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Power surplus to be used up in five years

The power surplus of Mindanao is expected to be exhausted in the next three to five years owing to the massive construction activities in key cities of the island, representatives of both the business sector and government said.

In the case of the city, Arturo M. Milan, reelected president of the Davao City Chamber of Commerce and Industry, said property development projects are expected to “change the skyline” of the city within the next five years because of the construction of new high rise buildings.

Aside from the buildings, the government has also embarked on the “Build, Build, Build” program that is expected to provide more infrastructure facilities to Mindanao and Milan believed this will enhance the image of the island as an investment haven.

Romeo M. Montenegro, Mindanao Development Authority deputy executive director, pointed out that based on the record of his agency, about 40 high rise buildings are being built and are expected to be completed within the next five years.

“So our objective is to look into the bigger picture and match this (requirement) with the available supply by the time all these projects are built,” said Montenegro.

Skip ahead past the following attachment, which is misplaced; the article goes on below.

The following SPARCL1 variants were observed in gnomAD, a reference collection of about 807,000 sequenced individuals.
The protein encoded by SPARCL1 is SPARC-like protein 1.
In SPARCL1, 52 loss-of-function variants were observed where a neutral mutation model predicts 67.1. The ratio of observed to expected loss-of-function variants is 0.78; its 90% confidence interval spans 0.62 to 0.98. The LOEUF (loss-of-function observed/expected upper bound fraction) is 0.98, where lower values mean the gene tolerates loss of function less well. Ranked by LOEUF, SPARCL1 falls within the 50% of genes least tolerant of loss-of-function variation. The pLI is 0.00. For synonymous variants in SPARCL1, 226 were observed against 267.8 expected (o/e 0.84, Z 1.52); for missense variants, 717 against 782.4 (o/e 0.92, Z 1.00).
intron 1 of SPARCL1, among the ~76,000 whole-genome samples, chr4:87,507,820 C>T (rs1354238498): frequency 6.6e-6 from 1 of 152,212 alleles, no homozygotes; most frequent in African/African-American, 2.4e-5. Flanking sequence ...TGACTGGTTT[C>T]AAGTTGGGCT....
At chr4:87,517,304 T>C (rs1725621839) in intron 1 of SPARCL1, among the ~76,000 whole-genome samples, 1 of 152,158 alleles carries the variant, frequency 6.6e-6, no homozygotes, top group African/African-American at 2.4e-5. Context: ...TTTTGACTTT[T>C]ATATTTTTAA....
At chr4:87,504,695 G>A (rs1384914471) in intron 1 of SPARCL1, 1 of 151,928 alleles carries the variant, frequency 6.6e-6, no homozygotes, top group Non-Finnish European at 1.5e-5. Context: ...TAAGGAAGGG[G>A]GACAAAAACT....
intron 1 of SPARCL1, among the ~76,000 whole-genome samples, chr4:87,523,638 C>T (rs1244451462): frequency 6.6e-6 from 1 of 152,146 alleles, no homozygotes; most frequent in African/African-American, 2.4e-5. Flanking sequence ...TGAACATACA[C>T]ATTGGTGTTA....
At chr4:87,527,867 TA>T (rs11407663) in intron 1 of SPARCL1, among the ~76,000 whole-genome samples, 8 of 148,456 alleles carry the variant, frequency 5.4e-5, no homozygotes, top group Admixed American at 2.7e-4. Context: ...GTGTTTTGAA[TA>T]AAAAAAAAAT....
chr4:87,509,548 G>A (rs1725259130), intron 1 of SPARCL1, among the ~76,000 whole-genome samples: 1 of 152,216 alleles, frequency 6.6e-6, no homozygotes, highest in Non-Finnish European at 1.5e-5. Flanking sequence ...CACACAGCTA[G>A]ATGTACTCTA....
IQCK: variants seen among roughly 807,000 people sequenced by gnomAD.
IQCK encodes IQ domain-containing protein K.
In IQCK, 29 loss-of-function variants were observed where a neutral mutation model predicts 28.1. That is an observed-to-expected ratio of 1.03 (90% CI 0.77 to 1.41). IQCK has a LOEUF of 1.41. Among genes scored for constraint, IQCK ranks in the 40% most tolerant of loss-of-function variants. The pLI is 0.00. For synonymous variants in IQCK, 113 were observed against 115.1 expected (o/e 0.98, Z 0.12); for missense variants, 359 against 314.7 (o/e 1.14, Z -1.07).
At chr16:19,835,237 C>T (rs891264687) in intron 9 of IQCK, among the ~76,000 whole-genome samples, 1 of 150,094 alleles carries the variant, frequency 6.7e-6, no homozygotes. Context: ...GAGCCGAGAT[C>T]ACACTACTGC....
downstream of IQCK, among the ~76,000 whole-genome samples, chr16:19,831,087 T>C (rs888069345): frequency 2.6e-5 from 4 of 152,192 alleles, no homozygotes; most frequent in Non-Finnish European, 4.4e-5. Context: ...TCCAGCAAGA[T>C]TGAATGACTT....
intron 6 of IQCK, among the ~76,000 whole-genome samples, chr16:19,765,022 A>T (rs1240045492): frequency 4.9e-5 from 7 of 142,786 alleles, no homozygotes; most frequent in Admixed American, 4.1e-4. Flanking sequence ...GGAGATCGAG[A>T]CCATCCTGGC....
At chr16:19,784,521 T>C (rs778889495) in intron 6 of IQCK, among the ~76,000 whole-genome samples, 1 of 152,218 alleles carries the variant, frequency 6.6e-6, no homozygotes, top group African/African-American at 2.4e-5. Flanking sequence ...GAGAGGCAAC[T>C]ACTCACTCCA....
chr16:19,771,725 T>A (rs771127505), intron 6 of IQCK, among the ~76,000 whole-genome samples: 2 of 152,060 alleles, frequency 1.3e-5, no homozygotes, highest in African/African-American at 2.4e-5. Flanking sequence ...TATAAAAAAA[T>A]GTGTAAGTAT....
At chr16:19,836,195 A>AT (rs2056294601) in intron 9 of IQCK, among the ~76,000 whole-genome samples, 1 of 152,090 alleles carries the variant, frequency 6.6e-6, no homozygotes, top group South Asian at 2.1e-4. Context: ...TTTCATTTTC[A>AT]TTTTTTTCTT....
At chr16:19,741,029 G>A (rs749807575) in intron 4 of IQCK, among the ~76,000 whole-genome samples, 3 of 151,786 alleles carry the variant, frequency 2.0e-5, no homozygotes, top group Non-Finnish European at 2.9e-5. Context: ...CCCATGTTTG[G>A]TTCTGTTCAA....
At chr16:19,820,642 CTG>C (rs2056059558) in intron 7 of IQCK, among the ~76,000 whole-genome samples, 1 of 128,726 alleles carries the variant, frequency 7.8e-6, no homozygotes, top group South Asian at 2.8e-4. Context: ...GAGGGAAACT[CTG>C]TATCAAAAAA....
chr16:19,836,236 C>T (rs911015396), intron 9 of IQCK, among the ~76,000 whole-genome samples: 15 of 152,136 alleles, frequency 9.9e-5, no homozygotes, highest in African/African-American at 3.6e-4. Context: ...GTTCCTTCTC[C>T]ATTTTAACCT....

Because of this, the 1,000-megawatt reserve of Mindanao is expected to be completely used up once these buildings start to operate as a building would need about five megawatts of power, depending on its total areas and number of floors.

Aside from these structures, there are other real property developments like townships and similar projects that are considered heavy users of power.

The operations of new power plants in Mindanao have resulted in power surplus, a very different scenario compared with the early 2000s when some areas of the island had to experience a maximum of 12 hours in power outages because of the lack of supply and the island has yet to be connected to the grid of the country.

The entry of big generating companies since 2010 has resulted in a power surplus regime, while the grid operator, the National Grid Corp. of the Philippines, launched last year the project that will connect the grid of Mindanao to the rest of the country.

MinDA, through the Mindanao Power Monitoring Council that it chairs, has also been pushing for the setting up of renewable energy sources in Mindanao to balance the mix which has been heavily tilted in favor of fossil fuels. Based on its list, about 290 projects can be explored and that these can generate about 3,000 megawatts.

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